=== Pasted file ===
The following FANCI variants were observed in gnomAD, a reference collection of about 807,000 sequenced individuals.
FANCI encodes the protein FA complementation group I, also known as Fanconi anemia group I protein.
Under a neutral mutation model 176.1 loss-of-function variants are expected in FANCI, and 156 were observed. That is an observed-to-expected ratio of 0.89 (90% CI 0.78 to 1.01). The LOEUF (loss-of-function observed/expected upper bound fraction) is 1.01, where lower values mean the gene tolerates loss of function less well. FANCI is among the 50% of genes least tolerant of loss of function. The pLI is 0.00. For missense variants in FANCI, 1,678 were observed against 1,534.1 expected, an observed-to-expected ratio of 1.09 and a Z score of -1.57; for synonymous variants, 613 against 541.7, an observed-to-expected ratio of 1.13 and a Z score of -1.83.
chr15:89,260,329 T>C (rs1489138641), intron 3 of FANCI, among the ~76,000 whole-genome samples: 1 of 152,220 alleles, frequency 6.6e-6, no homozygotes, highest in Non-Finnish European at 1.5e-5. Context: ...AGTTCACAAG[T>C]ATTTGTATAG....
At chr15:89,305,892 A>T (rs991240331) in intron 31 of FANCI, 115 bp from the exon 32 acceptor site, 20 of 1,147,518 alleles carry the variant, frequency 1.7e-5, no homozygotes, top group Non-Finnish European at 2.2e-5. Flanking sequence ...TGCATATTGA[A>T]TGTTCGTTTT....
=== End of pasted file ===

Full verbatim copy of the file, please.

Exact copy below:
The following FANCI variants were observed in gnomAD, a reference collection of about 807,000 sequenced individuals.
FANCI encodes the protein FA complementation group I, also known as Fanconi anemia group I protein.
Under a neutral mutation model 176.1 loss-of-function variants are expected in FANCI, and 156 were observed. That is an observed-to-expected ratio of 0.89 (90% CI 0.78 to 1.01). The LOEUF (loss-of-function observed/expected upper bound fraction) is 1.01, where lower values mean the gene tolerates loss of function less well. FANCI is among the 50% of genes least tolerant of loss of function. The pLI is 0.00. For missense variants in FANCI, 1,678 were observed against 1,534.1 expected, an observed-to-expected ratio of 1.09 and a Z score of -1.57; for synonymous variants, 613 against 541.7, an observed-to-expected ratio of 1.13 and a Z score of -1.83.
chr15:89,260,329 T>C (rs1489138641), intron 3 of FANCI, among the ~76,000 whole-genome samples: 1 of 152,220 alleles, frequency 6.6e-6, no homozygotes, highest in Non-Finnish European at 1.5e-5. Context: ...AGTTCACAAG[T>C]ATTTGTATAG....
At chr15:89,305,892 A>T (rs991240331) in intron 31 of FANCI, 115 bp from the exon 32 acceptor site, 20 of 1,147,518 alleles carry the variant, frequency 1.7e-5, no homozygotes, top group Non-Finnish European at 2.2e-5. Flanking sequence ...TGCATATTGA[A>T]TGTTCGTTTT....